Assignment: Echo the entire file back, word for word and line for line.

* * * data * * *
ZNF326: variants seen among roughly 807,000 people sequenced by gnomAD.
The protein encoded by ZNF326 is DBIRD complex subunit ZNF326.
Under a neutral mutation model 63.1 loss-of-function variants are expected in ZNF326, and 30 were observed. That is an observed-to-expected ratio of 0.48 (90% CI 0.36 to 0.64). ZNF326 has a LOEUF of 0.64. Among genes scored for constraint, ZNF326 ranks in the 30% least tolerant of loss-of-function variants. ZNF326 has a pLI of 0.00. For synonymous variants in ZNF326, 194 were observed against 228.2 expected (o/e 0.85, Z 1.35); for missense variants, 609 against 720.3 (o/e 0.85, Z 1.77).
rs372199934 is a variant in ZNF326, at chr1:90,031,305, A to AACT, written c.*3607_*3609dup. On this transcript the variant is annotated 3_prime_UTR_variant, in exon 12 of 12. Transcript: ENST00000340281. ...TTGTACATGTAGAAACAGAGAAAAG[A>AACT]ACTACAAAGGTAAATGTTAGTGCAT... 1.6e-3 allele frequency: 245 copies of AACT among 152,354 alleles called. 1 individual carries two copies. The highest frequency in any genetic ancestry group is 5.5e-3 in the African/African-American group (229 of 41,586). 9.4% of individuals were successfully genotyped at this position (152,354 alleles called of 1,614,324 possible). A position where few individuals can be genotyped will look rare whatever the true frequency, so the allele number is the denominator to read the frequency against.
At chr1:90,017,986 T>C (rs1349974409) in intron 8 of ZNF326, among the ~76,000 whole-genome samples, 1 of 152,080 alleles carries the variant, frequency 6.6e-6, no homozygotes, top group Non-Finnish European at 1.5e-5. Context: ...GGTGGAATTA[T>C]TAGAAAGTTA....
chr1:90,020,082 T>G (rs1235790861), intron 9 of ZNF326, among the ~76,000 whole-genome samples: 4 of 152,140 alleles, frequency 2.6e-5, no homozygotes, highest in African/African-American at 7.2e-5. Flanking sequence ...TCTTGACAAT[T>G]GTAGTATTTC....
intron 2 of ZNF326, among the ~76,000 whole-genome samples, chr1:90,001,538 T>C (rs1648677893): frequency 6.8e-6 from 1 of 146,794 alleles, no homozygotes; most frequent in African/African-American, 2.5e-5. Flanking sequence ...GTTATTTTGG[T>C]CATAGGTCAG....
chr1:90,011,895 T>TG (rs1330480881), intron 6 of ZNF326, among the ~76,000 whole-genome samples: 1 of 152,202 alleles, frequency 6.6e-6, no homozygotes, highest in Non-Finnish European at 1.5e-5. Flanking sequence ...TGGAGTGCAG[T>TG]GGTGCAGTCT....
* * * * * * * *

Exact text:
ZNF326: variants seen among roughly 807,000 people sequenced by gnomAD.
The protein encoded by ZNF326 is DBIRD complex subunit ZNF326.
Under a neutral mutation model 63.1 loss-of-function variants are expected in ZNF326, and 30 were observed. That is an observed-to-expected ratio of 0.48 (90% CI 0.36 to 0.64). ZNF326 has a LOEUF of 0.64. Among genes scored for constraint, ZNF326 ranks in the 30% least tolerant of loss-of-function variants. ZNF326 has a pLI of 0.00. For synonymous variants in ZNF326, 194 were observed against 228.2 expected (o/e 0.85, Z 1.35); for missense variants, 609 against 720.3 (o/e 0.85, Z 1.77).
rs372199934 is a variant in ZNF326, at chr1:90,031,305, A to AACT, written c.*3607_*3609dup. On this transcript the variant is annotated 3_prime_UTR_variant, in exon 12 of 12. Transcript: ENST00000340281. ...TTGTACATGTAGAAACAGAGAAAAG[A>AACT]ACTACAAAGGTAAATGTTAGTGCAT... 1.6e-3 allele frequency: 245 copies of AACT among 152,354 alleles called. 1 individual carries two copies. The highest frequency in any genetic ancestry group is 5.5e-3 in the African/African-American group (229 of 41,586). 9.4% of individuals were successfully genotyped at this position (152,354 alleles called of 1,614,324 possible). A position where few individuals can be genotyped will look rare whatever the true frequency, so the allele number is the denominator to read the frequency against.
At chr1:90,017,986 T>C (rs1349974409) in intron 8 of ZNF326, among the ~76,000 whole-genome samples, 1 of 152,080 alleles carries the variant, frequency 6.6e-6, no homozygotes, top group Non-Finnish European at 1.5e-5. Context: ...GGTGGAATTA[T>C]TAGAAAGTTA....
chr1:90,020,082 T>G (rs1235790861), intron 9 of ZNF326, among the ~76,000 whole-genome samples: 4 of 152,140 alleles, frequency 2.6e-5, no homozygotes, highest in African/African-American at 7.2e-5. Flanking sequence ...TCTTGACAAT[T>G]GTAGTATTTC....
intron 2 of ZNF326, among the ~76,000 whole-genome samples, chr1:90,001,538 T>C (rs1648677893): frequency 6.8e-6 from 1 of 146,794 alleles, no homozygotes; most frequent in African/African-American, 2.5e-5. Flanking sequence ...GTTATTTTGG[T>C]CATAGGTCAG....
chr1:90,011,895 T>TG (rs1330480881), intron 6 of ZNF326, among the ~76,000 whole-genome samples: 1 of 152,202 alleles, frequency 6.6e-6, no homozygotes, highest in Non-Finnish European at 1.5e-5. Flanking sequence ...TGGAGTGCAG[T>TG]GGTGCAGTCT....